The Neglected 97% Entrepreneurs Boot Camp – Interview #6

The Neglected 97% Entrepreneurs Boot Camp – Interview #6

The Neglected 97% Entrepreneurs Boot Camp – Interview #6

The familiar saying is that you can't teach an old dog new tricks.

Fortunately, that adage doesn't apply to people. At least some people. Take the case of experienced, successful entrepreneur Bill Haynor. After a successful career in banking and finance, Bill formed, grew and ultimately sold the massively successful Select Quote, a company that helped millions of people find quality, affordable health insurance.

I spent some time recently talking with Bill about his experiences in working with George Kenney and completing the Entrepreneur'$ Boot Camp.

Bill, you were already incredibly successful in business. You'd just sold Select Quote. Why jump into another startup?

Well, I didn't jump right in. I spent several years working in finance with a group that specialized in turnarounds. But, even though I'd left the insurance business after selling Select Quote, I'd been sitting on another idea for several years.  I knew that 10,000 Baby Boomers a day were (and still are) turning 65 every day. I knew that most of these people would need to deal with the complexity of standard health insurance, Obama Care, Medicaid and Medicare as they aged and grappled with various health issues. And I knew that many people simply weren't prepared to deal with the health issues of aging.

Something we all really do have to deal with at some point . . .

Exactly. When we're younger we might go years without even seeing a doctor. It's something we'll deal with later. Unfortunately, you never know when life will bring an emergency and that's not the time to be unprepared. It can be financially devastating. But there is a lot of confusion and complexity in health insurance and I felt we could really help people navigate all of that.

In fact, I experienced all of this first hand when I was faced with an emergency need for open heart surgery, watched my wife struggle with all of the paperwork and then, shortly after the surgery, received a bill from the hospital for $450,000!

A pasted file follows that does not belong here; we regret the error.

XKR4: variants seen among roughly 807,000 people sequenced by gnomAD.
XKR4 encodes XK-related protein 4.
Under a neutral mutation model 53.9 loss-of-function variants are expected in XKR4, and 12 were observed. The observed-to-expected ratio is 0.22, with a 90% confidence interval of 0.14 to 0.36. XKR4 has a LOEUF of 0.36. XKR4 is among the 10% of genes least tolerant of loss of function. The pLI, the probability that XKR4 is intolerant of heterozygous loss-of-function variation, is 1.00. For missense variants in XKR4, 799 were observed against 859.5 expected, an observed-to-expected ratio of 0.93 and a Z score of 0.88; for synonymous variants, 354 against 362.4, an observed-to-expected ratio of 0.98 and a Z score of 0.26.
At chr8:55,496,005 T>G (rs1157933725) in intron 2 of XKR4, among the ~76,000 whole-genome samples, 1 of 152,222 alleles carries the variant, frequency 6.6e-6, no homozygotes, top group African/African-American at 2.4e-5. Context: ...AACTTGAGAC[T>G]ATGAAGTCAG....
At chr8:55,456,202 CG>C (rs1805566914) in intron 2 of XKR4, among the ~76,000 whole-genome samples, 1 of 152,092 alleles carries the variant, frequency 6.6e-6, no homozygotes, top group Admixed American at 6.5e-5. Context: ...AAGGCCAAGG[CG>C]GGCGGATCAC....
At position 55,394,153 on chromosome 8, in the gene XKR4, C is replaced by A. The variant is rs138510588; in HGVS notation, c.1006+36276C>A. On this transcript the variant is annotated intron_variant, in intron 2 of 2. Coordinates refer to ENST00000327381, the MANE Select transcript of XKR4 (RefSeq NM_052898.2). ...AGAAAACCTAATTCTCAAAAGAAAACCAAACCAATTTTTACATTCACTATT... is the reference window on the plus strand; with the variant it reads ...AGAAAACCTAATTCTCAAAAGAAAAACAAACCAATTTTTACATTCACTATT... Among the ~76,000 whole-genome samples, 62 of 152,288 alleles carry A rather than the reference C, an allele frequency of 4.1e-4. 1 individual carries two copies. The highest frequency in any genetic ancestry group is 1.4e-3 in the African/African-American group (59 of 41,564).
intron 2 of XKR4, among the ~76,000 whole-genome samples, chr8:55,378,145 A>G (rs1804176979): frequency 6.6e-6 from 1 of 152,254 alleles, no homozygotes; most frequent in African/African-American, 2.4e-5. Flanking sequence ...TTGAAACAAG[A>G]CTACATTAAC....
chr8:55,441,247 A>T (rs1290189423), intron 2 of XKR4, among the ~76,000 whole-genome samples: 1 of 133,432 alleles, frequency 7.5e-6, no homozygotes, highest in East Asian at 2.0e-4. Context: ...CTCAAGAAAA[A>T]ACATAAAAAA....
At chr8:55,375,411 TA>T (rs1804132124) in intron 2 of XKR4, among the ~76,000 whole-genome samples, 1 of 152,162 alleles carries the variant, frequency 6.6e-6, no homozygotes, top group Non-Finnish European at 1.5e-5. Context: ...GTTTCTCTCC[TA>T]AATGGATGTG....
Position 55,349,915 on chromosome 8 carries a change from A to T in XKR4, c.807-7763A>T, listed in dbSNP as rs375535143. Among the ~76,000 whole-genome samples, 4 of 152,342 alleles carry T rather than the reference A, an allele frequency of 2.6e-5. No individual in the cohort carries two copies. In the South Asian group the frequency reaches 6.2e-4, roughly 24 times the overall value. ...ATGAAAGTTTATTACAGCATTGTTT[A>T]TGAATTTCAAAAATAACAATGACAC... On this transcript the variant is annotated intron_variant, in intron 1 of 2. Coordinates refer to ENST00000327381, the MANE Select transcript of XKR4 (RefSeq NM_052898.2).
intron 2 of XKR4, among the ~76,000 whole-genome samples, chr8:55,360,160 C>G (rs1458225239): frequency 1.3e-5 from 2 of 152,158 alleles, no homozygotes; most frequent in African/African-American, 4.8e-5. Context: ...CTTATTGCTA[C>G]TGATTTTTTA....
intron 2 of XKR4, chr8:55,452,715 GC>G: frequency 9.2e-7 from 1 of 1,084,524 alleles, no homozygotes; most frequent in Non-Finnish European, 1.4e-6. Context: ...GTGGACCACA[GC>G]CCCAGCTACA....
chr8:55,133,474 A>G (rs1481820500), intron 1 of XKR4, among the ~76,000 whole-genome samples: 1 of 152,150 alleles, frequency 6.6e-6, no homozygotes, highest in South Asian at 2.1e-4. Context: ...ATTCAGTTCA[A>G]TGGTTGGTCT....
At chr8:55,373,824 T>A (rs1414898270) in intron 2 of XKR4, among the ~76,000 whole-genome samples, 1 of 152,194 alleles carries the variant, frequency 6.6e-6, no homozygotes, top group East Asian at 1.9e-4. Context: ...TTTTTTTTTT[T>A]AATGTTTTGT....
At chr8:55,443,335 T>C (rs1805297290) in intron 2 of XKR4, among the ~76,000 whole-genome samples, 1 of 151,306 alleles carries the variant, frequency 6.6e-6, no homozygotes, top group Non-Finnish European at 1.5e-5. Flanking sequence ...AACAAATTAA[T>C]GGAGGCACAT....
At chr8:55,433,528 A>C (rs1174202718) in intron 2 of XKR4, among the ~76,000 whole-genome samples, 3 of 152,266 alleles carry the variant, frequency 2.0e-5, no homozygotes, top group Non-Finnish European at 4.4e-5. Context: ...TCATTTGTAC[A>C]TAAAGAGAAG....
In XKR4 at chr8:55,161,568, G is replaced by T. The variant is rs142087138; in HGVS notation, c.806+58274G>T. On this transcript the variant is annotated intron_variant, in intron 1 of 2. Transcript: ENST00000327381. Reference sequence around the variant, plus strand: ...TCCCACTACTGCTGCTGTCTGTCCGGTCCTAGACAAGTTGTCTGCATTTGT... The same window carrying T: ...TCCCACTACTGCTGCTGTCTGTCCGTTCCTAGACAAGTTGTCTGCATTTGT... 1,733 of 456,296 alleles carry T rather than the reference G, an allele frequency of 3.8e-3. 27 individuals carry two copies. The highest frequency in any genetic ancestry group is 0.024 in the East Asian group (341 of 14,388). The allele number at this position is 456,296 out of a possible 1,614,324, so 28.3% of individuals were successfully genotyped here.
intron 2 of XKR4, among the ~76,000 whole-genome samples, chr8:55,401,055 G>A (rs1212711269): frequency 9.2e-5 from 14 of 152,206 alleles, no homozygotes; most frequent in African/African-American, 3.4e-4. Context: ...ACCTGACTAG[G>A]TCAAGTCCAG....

Wow! That was an eye-opener I'm sure.

Yes, it was! In fact, today I use a copy of that bill on the Senior Quote website as a reminder of what these kinds of things can cost if you aren't properly covered.

So that experience was a lynchpin in starting Senior Quote?

Yes, I really saw the opportunity clearly and decided to "dust off" the idea for a business that could help people easily find affordable Medicare insurance with the best coverage possible and Senior Quote was born.

How did you meet George Kenney?

One of the first things I needed was office space. Through a mutual acquaintance, I was introduced to Shepherd Ventures, because Shepherd had available office space. After a few meetings, I decided to rent an office at Shepherd and began getting to know George Kenney. The two of us hit it off from the outset. I had a significant background in finance, having most recently served as CEO of a turnaround company that was sold for a profit. I could speak George's language . . . at least to a point. And George recognized that I had been a successful company-builder and leader. It was the perfect time for a friendship to form since I was just launching Senior Quote and George was beginning to share his knowledge of how to get companies funded through the Entrepreneur'$ Boot Camp.

So, even though you were a highly successful entrepreneur, you decided George might be able to teach you a thing or two about funding companies and decided to do the Boot Camp?